AEROSMITH frontman and “American Idol” judge Steven Tyler will be interviewed by Matt Lauer for the May 1 edition of “Dateline NBC”. Topics will reportedly include Tyler’s family, AEROSMITH, his judge’s role on “American Idol” and his overcoming drug addiction.
Tyler’s new autobiography, “Does The Noise In My Head Bother You?”, is scheduled for release on May 3 as a 400-page hardcover.
“Does the Noise in My Head Bother You?” is the rock memoir to end all rock memoirs — the straight-up, no-holds-barred life of Grammy Award-winning, Rock And Roll Hall Of Fame incductee, and all-around superstar legend Steven Tyler, lead singer of AEROSMITH (and celebrity judge on “American Idol”). This is it — “the unbridled truth, the in-your-face, up-close and prodigious tale of Steven Tyler straight from the horse’s lips” — as Tyler tells all, from the early years through the glory days, “All the unexpurgated, brain-jangling tales of debauchery, sex and drugs and transcendence you will ever want to hear.”
Commented Tyler: “I’ve been mythicized, Mick-icized, eulogized and fooligized, I’ve been Cole-Portered and farmer’s-daughtered, I’ve been Led Zepped and 12-stepped. I’m a rhyming fool and so cool that me, Fritz the Cat, and Mohair Sam are the baddest cats that am. I have so many outrageous stories, too many, and I’m gonna tell ’em all. All the unexpurgated, brain-jangling tales of debauchery, sex and drugs, transcendous and chemical dependence you will ever want to hear.”
The son of a classical pianist straight out of the Bronx of old Archie comics, Steven Tyler was born to be a rock star. Weaned on Cole Porter, Nat King Cole, Mick — and his beloved Janis Joplin — Tyler began tearing up the streets and the stage as a teenager before finally meeting his “mutant twin” and legendary partner Joe Perry. In this addictively readable memoir, told in the playful, poetic voice that is uniquely his own, Tyler unabashedly recounts the meteoric rise, fall, and rise of AEROSMITH over the last three decades and riffs on the music that gives it all meaning.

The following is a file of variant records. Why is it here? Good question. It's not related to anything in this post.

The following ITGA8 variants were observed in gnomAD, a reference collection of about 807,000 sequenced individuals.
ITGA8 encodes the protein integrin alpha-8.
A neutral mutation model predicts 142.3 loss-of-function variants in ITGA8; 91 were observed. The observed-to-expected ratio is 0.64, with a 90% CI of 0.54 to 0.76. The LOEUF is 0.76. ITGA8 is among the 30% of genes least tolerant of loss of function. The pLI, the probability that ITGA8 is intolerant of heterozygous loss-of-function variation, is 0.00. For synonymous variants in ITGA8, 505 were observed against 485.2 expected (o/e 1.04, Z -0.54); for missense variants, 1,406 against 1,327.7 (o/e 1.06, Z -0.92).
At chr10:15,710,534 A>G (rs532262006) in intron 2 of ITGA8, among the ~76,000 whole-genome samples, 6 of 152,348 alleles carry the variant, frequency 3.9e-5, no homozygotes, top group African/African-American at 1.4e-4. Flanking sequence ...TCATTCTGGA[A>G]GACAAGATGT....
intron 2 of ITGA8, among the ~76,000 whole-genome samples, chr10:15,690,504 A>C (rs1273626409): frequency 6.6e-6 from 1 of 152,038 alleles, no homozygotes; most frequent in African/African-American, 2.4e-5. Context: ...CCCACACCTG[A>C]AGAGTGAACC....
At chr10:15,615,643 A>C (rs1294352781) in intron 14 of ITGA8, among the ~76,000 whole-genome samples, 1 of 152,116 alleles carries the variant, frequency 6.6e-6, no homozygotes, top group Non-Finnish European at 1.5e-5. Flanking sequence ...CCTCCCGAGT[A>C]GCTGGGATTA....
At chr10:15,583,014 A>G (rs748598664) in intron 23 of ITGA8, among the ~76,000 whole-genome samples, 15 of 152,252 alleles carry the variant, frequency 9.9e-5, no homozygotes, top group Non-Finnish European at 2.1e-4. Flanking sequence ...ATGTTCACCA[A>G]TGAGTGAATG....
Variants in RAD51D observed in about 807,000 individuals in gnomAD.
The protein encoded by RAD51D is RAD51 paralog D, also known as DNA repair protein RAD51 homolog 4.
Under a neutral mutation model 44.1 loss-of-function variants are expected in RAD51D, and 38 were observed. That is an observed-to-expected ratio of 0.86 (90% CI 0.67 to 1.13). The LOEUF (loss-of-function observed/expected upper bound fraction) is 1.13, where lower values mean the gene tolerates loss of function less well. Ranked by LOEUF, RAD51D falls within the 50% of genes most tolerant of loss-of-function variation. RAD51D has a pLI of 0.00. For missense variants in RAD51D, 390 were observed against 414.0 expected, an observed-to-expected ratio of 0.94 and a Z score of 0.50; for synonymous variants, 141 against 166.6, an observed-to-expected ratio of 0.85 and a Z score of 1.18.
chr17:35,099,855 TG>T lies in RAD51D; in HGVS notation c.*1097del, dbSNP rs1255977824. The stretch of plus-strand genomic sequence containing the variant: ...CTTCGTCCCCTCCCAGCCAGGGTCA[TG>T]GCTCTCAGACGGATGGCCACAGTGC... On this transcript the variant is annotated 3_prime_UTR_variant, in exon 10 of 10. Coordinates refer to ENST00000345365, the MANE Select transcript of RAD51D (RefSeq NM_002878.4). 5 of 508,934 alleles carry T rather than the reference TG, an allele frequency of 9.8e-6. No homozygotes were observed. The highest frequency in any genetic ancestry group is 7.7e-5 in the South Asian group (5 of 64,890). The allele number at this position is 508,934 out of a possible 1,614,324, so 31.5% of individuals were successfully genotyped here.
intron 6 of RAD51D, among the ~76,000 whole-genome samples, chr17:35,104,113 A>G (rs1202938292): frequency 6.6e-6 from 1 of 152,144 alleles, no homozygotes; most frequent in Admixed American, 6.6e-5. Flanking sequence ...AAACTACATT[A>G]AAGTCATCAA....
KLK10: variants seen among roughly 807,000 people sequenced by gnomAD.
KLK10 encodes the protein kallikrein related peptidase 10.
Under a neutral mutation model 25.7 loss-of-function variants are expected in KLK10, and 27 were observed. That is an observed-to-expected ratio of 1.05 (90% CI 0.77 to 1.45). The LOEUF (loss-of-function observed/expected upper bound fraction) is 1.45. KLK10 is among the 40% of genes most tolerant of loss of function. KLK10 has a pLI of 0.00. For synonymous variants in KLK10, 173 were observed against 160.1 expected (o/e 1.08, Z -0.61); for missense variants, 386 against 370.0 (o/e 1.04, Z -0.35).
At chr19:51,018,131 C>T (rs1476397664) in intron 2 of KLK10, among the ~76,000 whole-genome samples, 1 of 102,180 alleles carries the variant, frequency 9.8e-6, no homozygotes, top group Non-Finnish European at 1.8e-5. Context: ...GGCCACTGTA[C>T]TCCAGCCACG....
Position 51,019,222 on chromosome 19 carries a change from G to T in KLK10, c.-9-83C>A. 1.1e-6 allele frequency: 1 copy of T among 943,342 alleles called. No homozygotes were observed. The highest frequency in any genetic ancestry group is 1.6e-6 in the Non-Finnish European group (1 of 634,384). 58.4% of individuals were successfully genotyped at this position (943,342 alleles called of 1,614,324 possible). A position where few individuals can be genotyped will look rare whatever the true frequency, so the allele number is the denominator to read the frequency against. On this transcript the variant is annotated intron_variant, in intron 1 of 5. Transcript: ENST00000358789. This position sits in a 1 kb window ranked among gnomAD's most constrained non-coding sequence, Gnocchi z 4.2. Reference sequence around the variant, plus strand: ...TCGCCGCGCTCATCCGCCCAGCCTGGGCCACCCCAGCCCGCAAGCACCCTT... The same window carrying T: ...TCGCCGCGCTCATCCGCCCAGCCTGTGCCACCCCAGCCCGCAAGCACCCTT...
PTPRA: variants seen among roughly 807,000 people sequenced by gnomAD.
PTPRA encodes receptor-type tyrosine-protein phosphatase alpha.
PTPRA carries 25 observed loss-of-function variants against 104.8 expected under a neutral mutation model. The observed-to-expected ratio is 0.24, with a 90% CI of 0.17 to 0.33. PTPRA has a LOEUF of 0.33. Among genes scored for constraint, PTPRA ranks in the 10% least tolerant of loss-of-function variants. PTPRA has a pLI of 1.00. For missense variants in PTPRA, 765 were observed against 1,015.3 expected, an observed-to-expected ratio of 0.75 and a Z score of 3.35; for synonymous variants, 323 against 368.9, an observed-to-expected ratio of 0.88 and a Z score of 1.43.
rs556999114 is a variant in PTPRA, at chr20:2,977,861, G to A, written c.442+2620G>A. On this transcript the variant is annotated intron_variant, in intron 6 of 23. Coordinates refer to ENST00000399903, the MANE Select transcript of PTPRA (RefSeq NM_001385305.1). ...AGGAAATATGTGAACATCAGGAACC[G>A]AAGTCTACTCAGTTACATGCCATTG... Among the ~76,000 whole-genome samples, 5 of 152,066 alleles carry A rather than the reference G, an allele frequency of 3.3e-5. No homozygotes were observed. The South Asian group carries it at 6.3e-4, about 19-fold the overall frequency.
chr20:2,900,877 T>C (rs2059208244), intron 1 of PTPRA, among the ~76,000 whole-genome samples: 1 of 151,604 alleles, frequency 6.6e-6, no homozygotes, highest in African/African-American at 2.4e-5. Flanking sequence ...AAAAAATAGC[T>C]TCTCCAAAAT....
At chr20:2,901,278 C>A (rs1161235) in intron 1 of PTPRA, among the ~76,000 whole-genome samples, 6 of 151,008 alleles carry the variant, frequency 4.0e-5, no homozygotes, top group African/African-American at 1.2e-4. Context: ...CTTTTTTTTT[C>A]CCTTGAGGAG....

Tyler tells what it’s like to be a living legend and the frontman of one of the world’s most revered and infamous bands-the debauchery, the money, the notoriety, the fights, the motels and hotels, the elevators, limos, buses and jets, the rehab. He reveals the spiritual side that “gets lost behind the stereotype of the Sex Guy, the Drug Guy, the Demon of Screamin’, the Terror of the Tropicana.” And he talks about his epic romantic life and his relationship with his four children. As dazzling, bold, and out-on-the-edge as the man himself, “Does the Noise in My Head Bother You?” is an all-access backstage pass into this extraordinary showman’s life.
A short video clip of < Steven Tyler talking about “Does The Noise In My Head Bother You?” can be viewed below.
Says Tyler: “God, a memoir… A memoir like this is beyond cathartic. it’s one step better than having an album with your songs on it from the ’70s and it being 2010. So when you put on the headphones and you listen to the beginning of [the AEROSMITH classic] ‘Sweet Emotion’, you have all of this incredible room sound that you were in then and can totally relate to. It’s so strong that you can almost smell it when you’re in the headphones listening to the beginning of ‘Sweet Emotion’, for someone like me who wrote it, sang it, was in the studio and knows what went on. Just listening to it brings me totally back… However, conversely, doing a book, you bring up things that you didn’t remember happened, and as soon as you do, it opens up that place in your mind that you spew out onto the pages. It’s like watching your own yearbook, your own personal yearbook, and I hope that’s what this is.”
“Does The Noise In My Head Bother You?” traces Tyler’s youth in the Bronx, his early music career and influences, his legendary partnership with Joe Perry, the meteoric rise, fall, and rise of AEROSMITH over the last three decades, their music, his epic romantic life, his relationship with his four children (including actress Liv Tyler and actress and author Mia Tyler) life on the road and in the spotlight, the economics of the rock star business — and all the sex, drugs, and rock and roll a reader could ask for.
Tyler spent the last few years working on his book, which he says will be more personal than the material covered in the band 2003 autobiography, “Walk This Way: The Autobiography of Aerosmith”.
Commented Tyler: “This is not just my take — this is the unbridled truth, the in-your-face, up-close and prodigious tale of Steven Tyler straight from the horse’s lips.”
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